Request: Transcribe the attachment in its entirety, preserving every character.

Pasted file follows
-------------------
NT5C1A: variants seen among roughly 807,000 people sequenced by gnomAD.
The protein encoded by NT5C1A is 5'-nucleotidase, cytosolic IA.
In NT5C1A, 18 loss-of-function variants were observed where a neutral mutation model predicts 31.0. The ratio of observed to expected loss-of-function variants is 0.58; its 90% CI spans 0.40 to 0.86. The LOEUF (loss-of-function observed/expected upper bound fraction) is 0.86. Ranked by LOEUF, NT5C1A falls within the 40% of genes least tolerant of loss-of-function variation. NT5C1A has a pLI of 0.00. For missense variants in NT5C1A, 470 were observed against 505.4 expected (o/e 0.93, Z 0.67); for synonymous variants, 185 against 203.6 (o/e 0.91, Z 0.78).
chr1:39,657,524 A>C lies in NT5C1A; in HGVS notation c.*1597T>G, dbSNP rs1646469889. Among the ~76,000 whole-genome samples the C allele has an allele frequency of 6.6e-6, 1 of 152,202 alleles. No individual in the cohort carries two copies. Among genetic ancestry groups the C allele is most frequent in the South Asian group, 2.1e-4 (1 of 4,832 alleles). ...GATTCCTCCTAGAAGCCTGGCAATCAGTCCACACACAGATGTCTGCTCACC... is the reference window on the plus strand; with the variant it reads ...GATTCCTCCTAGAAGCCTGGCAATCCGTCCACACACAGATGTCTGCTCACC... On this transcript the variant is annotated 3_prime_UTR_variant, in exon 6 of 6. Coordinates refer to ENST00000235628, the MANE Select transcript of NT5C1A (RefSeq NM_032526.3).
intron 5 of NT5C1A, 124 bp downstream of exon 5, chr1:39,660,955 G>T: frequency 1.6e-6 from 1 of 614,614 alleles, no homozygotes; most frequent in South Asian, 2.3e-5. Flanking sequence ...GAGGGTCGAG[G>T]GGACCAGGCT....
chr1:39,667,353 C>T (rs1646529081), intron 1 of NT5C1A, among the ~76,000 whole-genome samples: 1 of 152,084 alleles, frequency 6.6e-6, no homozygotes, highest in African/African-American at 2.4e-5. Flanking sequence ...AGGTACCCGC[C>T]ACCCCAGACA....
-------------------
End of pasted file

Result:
NT5C1A: variants seen among roughly 807,000 people sequenced by gnomAD.
The protein encoded by NT5C1A is 5'-nucleotidase, cytosolic IA.
In NT5C1A, 18 loss-of-function variants were observed where a neutral mutation model predicts 31.0. The ratio of observed to expected loss-of-function variants is 0.58; its 90% CI spans 0.40 to 0.86. The LOEUF (loss-of-function observed/expected upper bound fraction) is 0.86. Ranked by LOEUF, NT5C1A falls within the 40% of genes least tolerant of loss-of-function variation. NT5C1A has a pLI of 0.00. For missense variants in NT5C1A, 470 were observed against 505.4 expected (o/e 0.93, Z 0.67); for synonymous variants, 185 against 203.6 (o/e 0.91, Z 0.78).
chr1:39,657,524 A>C lies in NT5C1A; in HGVS notation c.*1597T>G, dbSNP rs1646469889. Among the ~76,000 whole-genome samples the C allele has an allele frequency of 6.6e-6, 1 of 152,202 alleles. No individual in the cohort carries two copies. Among genetic ancestry groups the C allele is most frequent in the South Asian group, 2.1e-4 (1 of 4,832 alleles). ...GATTCCTCCTAGAAGCCTGGCAATCAGTCCACACACAGATGTCTGCTCACC... is the reference window on the plus strand; with the variant it reads ...GATTCCTCCTAGAAGCCTGGCAATCCGTCCACACACAGATGTCTGCTCACC... On this transcript the variant is annotated 3_prime_UTR_variant, in exon 6 of 6. Coordinates refer to ENST00000235628, the MANE Select transcript of NT5C1A (RefSeq NM_032526.3).
intron 5 of NT5C1A, 124 bp downstream of exon 5, chr1:39,660,955 G>T: frequency 1.6e-6 from 1 of 614,614 alleles, no homozygotes; most frequent in South Asian, 2.3e-5. Flanking sequence ...GAGGGTCGAG[G>T]GGACCAGGCT....
chr1:39,667,353 C>T (rs1646529081), intron 1 of NT5C1A, among the ~76,000 whole-genome samples: 1 of 152,084 alleles, frequency 6.6e-6, no homozygotes, highest in African/African-American at 2.4e-5. Flanking sequence ...AGGTACCCGC[C>T]ACCCCAGACA....